Trade and Industry Minister Ebrahim Patel has signed new regulations that will allow commercial banks to help financially distressed customers in a co-ordinated manner as the impact of the coronavirus outbreak in SA is expected to have a devastating impact on an already fragile economy.
By Tuesday 24 March 2020, at the earliest, or later in the week, the new regulations are expected to be gazetted, paving the way for commercial banks to, among other things, share information about the best ways to restructure soured loans or share resources about protecting banking services in SA. The banks will be able to do so without fears that they are breaching competition laws or gaining a competitive advantage over each other.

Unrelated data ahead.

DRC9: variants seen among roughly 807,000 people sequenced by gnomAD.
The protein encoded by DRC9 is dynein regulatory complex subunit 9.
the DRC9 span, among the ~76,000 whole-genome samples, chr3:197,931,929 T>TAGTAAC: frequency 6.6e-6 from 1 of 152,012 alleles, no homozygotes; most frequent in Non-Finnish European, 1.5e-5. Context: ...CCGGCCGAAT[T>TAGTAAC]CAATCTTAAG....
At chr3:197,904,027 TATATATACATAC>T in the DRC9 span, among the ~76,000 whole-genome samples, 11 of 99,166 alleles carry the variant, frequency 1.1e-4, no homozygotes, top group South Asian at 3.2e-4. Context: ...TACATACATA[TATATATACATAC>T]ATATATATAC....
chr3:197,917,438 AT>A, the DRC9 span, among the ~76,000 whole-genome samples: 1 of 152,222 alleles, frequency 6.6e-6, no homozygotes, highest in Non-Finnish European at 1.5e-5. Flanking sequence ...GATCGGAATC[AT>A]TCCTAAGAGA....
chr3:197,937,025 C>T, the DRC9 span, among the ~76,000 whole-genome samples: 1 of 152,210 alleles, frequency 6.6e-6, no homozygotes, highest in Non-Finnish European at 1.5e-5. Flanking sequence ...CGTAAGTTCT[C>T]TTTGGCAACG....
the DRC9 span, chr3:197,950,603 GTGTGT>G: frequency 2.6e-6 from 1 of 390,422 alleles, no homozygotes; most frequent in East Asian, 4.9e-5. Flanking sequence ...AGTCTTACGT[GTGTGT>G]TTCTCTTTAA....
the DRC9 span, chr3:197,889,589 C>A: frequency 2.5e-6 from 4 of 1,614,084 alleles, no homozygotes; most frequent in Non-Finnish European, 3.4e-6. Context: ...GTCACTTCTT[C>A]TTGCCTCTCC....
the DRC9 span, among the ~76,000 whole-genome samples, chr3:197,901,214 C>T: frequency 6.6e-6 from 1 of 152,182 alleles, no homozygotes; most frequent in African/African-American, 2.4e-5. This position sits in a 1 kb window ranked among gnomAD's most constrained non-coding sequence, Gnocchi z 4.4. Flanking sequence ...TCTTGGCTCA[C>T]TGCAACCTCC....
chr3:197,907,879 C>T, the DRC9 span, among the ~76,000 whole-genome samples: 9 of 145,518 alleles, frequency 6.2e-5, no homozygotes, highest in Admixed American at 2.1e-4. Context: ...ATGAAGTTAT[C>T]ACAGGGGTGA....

Since President Cyril Ramaphosa declared the National State of Disaster on 15 March over the Covid-19 outbreak, commercial banks have been in talks with Patel, asking him for an exemption from certain provisions of the Competition Act.
Before Patel signed the new regulations, the Competition Act prohibited banks from collaborating or sharing information because it would be viewed by the Competition Commission as collusion and engaging in anti-competitive behaviour.
Cas Coovadia, the MD of Banking Association SA (Basa), said Competition Commission Commissioner Thembinkosi Bonakele and Patel have agreed with the request by commercial banks for an exemption under the act.
“I have been told by the minister’s office that the Gazette that they need to proclaim has gone to the government printers today [Monday 23 March]. I would assume that in the next day or so, we would have a Gazette that would give us the wherewithal to come together and share information,” Coovadia said.